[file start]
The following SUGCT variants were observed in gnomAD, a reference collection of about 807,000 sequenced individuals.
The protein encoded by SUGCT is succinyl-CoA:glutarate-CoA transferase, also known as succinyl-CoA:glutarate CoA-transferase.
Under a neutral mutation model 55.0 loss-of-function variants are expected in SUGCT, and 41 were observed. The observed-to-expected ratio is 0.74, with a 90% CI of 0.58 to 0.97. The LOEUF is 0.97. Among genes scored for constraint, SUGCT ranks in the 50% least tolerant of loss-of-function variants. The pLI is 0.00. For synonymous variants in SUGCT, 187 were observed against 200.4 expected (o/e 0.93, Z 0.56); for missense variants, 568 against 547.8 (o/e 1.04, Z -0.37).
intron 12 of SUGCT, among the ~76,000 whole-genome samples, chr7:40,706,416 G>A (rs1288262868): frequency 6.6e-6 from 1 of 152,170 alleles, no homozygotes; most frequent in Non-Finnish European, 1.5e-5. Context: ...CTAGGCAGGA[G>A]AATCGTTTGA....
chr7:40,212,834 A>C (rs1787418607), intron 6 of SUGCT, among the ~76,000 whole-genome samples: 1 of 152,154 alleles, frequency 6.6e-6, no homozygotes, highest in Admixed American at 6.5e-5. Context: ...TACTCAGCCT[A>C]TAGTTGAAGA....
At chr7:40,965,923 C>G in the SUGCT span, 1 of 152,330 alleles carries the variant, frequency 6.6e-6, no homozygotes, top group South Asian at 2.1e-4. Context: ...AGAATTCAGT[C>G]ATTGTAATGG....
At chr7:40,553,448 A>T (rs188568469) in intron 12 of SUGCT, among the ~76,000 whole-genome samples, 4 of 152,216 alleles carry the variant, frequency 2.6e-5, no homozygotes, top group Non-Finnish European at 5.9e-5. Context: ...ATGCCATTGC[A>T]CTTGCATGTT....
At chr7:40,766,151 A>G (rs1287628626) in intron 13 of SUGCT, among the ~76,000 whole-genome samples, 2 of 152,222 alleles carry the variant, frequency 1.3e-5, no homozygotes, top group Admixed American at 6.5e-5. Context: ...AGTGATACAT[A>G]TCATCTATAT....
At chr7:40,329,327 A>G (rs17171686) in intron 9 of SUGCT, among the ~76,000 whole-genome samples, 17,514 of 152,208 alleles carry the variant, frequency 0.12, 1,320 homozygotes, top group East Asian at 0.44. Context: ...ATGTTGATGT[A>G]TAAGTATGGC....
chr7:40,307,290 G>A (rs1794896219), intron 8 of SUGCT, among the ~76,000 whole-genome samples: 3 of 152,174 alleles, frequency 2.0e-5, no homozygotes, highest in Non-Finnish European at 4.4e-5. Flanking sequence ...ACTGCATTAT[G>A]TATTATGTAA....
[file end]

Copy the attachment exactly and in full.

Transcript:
The following SUGCT variants were observed in gnomAD, a reference collection of about 807,000 sequenced individuals.
The protein encoded by SUGCT is succinyl-CoA:glutarate-CoA transferase, also known as succinyl-CoA:glutarate CoA-transferase.
Under a neutral mutation model 55.0 loss-of-function variants are expected in SUGCT, and 41 were observed. The observed-to-expected ratio is 0.74, with a 90% CI of 0.58 to 0.97. The LOEUF is 0.97. Among genes scored for constraint, SUGCT ranks in the 50% least tolerant of loss-of-function variants. The pLI is 0.00. For synonymous variants in SUGCT, 187 were observed against 200.4 expected (o/e 0.93, Z 0.56); for missense variants, 568 against 547.8 (o/e 1.04, Z -0.37).
intron 12 of SUGCT, among the ~76,000 whole-genome samples, chr7:40,706,416 G>A (rs1288262868): frequency 6.6e-6 from 1 of 152,170 alleles, no homozygotes; most frequent in Non-Finnish European, 1.5e-5. Context: ...CTAGGCAGGA[G>A]AATCGTTTGA....
chr7:40,212,834 A>C (rs1787418607), intron 6 of SUGCT, among the ~76,000 whole-genome samples: 1 of 152,154 alleles, frequency 6.6e-6, no homozygotes, highest in Admixed American at 6.5e-5. Context: ...TACTCAGCCT[A>C]TAGTTGAAGA....
At chr7:40,965,923 C>G in the SUGCT span, 1 of 152,330 alleles carries the variant, frequency 6.6e-6, no homozygotes, top group South Asian at 2.1e-4. Context: ...AGAATTCAGT[C>G]ATTGTAATGG....
At chr7:40,553,448 A>T (rs188568469) in intron 12 of SUGCT, among the ~76,000 whole-genome samples, 4 of 152,216 alleles carry the variant, frequency 2.6e-5, no homozygotes, top group Non-Finnish European at 5.9e-5. Context: ...ATGCCATTGC[A>T]CTTGCATGTT....
At chr7:40,766,151 A>G (rs1287628626) in intron 13 of SUGCT, among the ~76,000 whole-genome samples, 2 of 152,222 alleles carry the variant, frequency 1.3e-5, no homozygotes, top group Admixed American at 6.5e-5. Context: ...AGTGATACAT[A>G]TCATCTATAT....
At chr7:40,329,327 A>G (rs17171686) in intron 9 of SUGCT, among the ~76,000 whole-genome samples, 17,514 of 152,208 alleles carry the variant, frequency 0.12, 1,320 homozygotes, top group East Asian at 0.44. Context: ...ATGTTGATGT[A>G]TAAGTATGGC....
chr7:40,307,290 G>A (rs1794896219), intron 8 of SUGCT, among the ~76,000 whole-genome samples: 3 of 152,174 alleles, frequency 2.0e-5, no homozygotes, highest in Non-Finnish European at 4.4e-5. Flanking sequence ...ACTGCATTAT[G>A]TATTATGTAA....